[plt-dev] compound units and contracted signatures

From: Carl Eastlund (carl.eastlund at gmail.com)
Date: Tue May 19 23:06:58 EDT 2009

On Tue, May 19, 2009 at 10:33 PM, Philippe Meunier <meunier at ccs.neu.edu> wrote:
> Carl Eastlund wrote:
>>The reason you can't export your imports is to prevent direct cycles
>>in definitions.
> Okay, but IMHO the cure might be worse than the disease.  I have a
> program with seven units, and three of them have to re-export some
> imports (two out of these three cases are because of contracted
> signatures) and all the (define same-t? t?) followed by renames of
> same-t? into t? in unit exports are a bit of a pain.  Just saying :-)

The cure predates the disease, in this case.

>>It looks like you
>>explicitly want wrap-make-t to share the same contract as make-t: they
>>both map symbols to Ts, for the same notion of T.
> Yes.
>>In the first case (t? in both s^ and t^), it would be trivial to write
>>an implementation of s@ that exported an entirely different t? in s^
>>than it imported from t^.  Thus make-t and wrap-make-t would actually
>>have completely different output types, and their results would not be
>>usable in the same context.
> Yes, but see below.
>>You need a sharing constraint as in ML
>>modules: the specification of make-t and wrap-make-t need the same T.
> Yes.  That's why I'm suggesting something like
> compound-unit-with-contracted-signatures where the sharing constraint
> would be implicitely specified based only on the names used in the
> signatures.  I believe that in the vast majority of cases this would
> just be the right thing to do, since in practice people do not tend to
> to use the same names for different data structures.
> If, as in your example above, two units exported incompatible t?
> predicates, then either compound-unit-with-contracted-signatures would
> fail at expansion-time with a message like "two units export t? so I
> don't know which one you want me to use in the signature contract
> (symbol? . -> . t?)", or, less nicely, the user would just get a
> runtime contract failure saying "expected <t?>, given: #<t>" (which is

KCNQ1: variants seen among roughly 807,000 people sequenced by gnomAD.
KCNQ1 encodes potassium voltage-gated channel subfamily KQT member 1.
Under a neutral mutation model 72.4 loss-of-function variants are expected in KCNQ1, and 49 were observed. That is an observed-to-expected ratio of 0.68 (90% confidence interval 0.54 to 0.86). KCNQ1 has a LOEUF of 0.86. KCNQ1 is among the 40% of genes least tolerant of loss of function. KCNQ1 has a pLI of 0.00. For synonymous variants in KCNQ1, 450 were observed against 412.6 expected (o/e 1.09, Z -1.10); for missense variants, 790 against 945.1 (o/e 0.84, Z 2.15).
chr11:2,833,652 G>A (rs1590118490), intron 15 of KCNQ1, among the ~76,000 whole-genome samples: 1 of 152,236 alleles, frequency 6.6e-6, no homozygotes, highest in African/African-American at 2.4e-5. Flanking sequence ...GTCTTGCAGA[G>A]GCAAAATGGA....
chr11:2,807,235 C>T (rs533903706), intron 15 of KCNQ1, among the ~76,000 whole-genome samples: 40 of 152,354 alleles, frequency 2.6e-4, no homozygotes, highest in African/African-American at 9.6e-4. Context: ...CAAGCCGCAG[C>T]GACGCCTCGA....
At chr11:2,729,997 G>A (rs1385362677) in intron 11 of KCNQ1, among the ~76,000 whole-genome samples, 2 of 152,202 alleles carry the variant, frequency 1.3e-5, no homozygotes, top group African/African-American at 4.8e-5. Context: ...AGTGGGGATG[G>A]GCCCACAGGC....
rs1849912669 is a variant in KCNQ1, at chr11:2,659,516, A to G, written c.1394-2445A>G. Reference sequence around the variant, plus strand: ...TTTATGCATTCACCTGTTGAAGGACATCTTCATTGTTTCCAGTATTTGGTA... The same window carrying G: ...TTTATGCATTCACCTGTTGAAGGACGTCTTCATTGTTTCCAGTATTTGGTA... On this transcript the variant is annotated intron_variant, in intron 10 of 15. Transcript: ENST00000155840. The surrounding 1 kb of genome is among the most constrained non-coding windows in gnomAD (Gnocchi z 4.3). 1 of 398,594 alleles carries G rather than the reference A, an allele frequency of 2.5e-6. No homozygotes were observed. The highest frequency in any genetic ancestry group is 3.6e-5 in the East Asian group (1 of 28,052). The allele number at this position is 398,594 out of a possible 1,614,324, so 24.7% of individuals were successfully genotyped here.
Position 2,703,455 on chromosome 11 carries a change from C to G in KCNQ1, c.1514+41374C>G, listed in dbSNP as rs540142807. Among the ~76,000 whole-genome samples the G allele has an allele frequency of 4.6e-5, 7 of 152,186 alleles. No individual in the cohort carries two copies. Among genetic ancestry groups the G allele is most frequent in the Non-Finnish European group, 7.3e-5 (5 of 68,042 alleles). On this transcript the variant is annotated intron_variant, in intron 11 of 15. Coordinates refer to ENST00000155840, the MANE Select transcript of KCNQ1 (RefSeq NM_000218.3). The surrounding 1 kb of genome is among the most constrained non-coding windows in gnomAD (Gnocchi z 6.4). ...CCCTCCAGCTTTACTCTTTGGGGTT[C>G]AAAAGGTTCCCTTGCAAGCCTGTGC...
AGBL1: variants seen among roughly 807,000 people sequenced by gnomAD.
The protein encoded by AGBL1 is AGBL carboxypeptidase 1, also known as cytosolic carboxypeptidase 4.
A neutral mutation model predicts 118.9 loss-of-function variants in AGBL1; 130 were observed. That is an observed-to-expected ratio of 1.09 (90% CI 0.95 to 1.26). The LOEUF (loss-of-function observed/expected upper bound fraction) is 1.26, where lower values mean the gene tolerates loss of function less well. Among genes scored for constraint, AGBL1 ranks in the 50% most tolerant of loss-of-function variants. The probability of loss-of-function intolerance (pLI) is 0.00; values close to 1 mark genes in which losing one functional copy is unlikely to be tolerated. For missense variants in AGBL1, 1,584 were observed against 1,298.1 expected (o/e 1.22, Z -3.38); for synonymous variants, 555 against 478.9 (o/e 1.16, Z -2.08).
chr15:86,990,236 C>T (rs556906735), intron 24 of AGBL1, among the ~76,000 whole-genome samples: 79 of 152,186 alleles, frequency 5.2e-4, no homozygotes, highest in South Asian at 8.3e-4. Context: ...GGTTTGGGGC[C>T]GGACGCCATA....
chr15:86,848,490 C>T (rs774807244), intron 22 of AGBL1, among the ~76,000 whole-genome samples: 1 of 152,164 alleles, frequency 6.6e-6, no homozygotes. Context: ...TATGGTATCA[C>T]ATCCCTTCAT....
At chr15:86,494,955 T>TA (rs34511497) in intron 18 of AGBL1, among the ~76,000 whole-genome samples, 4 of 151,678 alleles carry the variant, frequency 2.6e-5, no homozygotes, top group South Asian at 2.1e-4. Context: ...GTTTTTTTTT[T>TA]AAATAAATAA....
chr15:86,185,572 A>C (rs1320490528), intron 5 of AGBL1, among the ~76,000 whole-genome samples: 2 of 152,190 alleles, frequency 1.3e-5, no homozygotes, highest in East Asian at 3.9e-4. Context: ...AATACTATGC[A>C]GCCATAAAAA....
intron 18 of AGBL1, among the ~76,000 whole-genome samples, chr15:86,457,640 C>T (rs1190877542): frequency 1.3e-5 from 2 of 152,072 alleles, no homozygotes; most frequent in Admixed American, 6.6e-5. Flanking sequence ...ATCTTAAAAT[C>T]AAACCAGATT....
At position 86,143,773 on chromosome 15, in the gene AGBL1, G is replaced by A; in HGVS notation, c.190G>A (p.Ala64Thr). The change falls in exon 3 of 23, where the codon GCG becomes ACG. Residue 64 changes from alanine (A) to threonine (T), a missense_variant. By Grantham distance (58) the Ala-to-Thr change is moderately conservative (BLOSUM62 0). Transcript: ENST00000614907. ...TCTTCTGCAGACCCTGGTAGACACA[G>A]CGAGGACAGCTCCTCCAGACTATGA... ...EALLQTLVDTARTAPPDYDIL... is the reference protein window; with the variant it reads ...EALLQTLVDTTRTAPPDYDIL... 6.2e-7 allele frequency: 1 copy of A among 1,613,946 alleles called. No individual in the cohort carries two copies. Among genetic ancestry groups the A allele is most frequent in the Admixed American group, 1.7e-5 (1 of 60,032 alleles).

> the kind of error message you already get today when two modules
> provide data structures with the same name and you mix them up).  In
> such a case the programmer would just have to rename one of the data
> structure, or use some kind of prefix system.

All of this assumes inferred linking, and that compound units export
all signatures.  For explicit linking that may hide some exports, your
reasoning does not apply.  You can have many different t?'s, and a
later linking won't see earlier ones.

And for uses of units that instantiate some generic library for
particular dependencies -- say, a set unit based on an ordered type,
instantiated on different types -- (a) there may be many Ts, and (b)
it is important to contract based on the right Ts.

While we don't use units for these things a lot in Scheme, it's a use
case that gets more and more realistic with things like (a) inferred
linking, making units syntactically lighter weight, and (b) Typed
Scheme, typed idioms necessitating this kind of instantiation more

>>In the second case (t? free in s^), you get "the same" t? as anything
>>else you link to, but there's no guarantee in the signature that what
>>you link to is t^.  A client unit may import t^ and s^ and try to use
>>make-t along with wrap-make-t... only to find that the imported s^ was
>>actually constructed by linking with u^, which has a t? used for an
>>entirely different purpose.  Here, t? is shared, but with the wrong
>>other thing.
> Then when you link your units together using
> compound-unit-with-contracted-signatures you'd get an error message
> saying "t@ and u@ both export t? so I don't know which one to use in
> the contract of s^".
>>Stevie tells me there is currently no analogous feature to "sharing
>>constraints" in unit contracts, but that he and Matthias are aware of
>>the issue and considering several options for resolving it.
> Great.
> Thanks,
> Philippe

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